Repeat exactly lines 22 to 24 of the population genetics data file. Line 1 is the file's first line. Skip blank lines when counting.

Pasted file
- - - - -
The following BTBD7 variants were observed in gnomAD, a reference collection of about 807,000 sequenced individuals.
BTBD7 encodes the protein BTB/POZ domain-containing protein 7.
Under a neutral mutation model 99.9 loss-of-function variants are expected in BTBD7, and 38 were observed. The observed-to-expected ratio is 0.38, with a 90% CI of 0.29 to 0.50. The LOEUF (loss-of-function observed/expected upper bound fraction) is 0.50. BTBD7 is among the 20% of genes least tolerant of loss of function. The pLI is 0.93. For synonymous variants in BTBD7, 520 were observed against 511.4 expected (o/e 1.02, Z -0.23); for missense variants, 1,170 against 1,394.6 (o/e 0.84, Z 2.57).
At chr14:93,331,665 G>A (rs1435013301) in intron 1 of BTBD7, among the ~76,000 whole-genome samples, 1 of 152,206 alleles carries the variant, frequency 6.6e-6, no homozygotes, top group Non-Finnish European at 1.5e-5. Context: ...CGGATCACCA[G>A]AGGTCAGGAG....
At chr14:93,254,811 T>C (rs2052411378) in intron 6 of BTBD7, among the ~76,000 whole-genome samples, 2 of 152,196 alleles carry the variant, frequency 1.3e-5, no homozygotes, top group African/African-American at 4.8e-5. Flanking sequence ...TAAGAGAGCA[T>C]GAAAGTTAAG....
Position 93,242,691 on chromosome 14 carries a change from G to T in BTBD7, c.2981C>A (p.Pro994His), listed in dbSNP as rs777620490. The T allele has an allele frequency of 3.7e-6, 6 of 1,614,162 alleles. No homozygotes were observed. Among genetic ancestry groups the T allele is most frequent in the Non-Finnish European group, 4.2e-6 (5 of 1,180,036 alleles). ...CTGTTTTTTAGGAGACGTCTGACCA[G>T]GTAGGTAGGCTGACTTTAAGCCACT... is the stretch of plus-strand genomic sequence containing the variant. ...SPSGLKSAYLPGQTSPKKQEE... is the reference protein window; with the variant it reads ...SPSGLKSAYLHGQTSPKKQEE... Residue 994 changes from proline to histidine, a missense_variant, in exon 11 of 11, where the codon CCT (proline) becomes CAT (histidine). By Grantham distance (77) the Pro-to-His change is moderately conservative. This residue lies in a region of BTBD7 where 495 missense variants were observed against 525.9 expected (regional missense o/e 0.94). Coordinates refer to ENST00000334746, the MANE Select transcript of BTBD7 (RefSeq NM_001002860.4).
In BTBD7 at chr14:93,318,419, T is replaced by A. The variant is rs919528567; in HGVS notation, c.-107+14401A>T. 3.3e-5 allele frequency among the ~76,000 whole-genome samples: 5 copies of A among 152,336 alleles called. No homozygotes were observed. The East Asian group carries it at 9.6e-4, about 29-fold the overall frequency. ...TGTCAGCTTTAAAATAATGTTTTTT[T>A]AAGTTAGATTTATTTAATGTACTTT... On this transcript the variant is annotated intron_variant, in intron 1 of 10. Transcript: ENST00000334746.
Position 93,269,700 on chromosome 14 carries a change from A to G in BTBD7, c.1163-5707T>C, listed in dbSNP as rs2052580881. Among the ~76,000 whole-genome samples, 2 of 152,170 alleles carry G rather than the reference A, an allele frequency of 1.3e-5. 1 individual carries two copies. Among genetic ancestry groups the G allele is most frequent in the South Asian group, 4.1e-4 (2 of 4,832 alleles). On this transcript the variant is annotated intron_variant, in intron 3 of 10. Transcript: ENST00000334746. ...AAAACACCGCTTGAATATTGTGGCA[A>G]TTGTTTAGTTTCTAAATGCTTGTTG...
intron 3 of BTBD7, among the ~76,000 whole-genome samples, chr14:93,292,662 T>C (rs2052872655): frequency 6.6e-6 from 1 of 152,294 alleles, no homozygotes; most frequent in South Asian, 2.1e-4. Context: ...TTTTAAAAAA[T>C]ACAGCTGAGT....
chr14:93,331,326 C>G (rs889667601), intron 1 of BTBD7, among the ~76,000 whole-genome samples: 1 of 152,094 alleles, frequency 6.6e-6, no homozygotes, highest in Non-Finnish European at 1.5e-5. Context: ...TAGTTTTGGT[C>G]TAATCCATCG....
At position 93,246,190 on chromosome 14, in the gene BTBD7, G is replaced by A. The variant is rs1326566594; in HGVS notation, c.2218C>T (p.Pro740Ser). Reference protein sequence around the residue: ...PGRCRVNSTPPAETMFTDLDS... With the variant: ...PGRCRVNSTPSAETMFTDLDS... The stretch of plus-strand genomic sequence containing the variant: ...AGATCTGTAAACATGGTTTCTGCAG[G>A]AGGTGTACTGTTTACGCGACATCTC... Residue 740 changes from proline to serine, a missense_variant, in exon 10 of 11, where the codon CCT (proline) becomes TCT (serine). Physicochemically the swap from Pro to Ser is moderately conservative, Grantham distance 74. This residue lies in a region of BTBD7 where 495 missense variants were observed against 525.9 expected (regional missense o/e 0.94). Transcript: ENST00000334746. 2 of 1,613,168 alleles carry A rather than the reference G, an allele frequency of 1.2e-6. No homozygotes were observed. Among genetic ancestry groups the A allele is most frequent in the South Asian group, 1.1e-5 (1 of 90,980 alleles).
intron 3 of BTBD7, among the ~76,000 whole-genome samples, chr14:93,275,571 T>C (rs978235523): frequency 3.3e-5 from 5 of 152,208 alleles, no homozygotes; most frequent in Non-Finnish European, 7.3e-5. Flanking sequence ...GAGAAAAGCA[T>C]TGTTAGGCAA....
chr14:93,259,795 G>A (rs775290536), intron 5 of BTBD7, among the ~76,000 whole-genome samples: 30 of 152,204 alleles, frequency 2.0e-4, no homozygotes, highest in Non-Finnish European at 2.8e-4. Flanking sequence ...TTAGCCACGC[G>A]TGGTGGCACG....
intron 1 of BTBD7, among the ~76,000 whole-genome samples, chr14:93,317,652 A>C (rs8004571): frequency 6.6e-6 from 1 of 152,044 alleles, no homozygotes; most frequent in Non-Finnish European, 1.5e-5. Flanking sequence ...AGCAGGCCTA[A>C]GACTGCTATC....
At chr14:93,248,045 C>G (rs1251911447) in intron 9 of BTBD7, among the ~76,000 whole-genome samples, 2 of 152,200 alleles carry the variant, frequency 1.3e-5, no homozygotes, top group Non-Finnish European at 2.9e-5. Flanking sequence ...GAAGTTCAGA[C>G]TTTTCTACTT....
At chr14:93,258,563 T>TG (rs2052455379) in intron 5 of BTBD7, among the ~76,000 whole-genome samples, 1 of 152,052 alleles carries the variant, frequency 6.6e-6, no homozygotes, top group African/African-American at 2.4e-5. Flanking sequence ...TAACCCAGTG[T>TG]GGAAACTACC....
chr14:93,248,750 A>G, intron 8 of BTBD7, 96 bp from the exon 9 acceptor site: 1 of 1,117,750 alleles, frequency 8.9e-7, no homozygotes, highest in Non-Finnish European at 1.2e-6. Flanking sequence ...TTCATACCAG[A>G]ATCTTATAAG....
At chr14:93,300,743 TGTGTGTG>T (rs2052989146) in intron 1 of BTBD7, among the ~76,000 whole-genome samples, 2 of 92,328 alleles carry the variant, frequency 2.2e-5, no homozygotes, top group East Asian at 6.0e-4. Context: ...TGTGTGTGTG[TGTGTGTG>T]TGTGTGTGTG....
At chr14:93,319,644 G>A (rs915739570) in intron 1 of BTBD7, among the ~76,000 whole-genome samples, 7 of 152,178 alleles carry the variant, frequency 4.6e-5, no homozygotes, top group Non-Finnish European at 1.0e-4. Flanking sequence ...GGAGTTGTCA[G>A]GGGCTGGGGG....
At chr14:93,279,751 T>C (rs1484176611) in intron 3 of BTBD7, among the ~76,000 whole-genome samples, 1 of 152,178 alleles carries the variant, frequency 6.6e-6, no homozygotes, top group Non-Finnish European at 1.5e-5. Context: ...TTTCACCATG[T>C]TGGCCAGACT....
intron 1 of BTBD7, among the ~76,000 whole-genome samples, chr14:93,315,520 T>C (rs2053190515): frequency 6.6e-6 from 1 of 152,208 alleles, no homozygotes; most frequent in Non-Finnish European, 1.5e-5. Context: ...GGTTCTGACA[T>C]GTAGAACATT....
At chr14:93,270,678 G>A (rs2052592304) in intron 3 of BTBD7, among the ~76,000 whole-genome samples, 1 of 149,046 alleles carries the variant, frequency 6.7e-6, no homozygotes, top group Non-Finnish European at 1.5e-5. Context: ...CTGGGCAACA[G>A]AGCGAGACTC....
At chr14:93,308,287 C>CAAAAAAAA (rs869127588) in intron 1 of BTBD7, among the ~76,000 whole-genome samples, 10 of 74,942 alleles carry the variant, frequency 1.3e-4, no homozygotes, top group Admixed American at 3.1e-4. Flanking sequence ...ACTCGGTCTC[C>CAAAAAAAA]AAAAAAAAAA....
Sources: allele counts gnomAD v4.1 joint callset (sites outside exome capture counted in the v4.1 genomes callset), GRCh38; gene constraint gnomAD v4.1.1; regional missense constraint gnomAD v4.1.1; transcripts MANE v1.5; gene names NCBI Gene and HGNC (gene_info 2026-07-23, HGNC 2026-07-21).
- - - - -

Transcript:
At chr14:93,270,678 G>A (rs2052592304) in intron 3 of BTBD7, among the ~76,000 whole-genome samples, 1 of 149,046 alleles carries the variant, frequency 6.7e-6, no homozygotes, top group Non-Finnish European at 1.5e-5. Context: ...CTGGGCAACA[G>A]AGCGAGACTC....
At chr14:93,308,287 C>CAAAAAAAA (rs869127588) in intron 1 of BTBD7, among the ~76,000 whole-genome samples, 10 of 74,942 alleles carry the variant, frequency 1.3e-4, no homozygotes, top group Admixed American at 3.1e-4. Flanking sequence ...ACTCGGTCTC[C>CAAAAAAAA]AAAAAAAAAA....
Sources: allele counts gnomAD v4.1 joint callset (sites outside exome capture counted in the v4.1 genomes callset), GRCh38; gene constraint gnomAD v4.1.1; regional missense constraint gnomAD v4.1.1; transcripts MANE v1.5; gene names NCBI Gene and HGNC (gene_info 2026-07-23, HGNC 2026-07-21).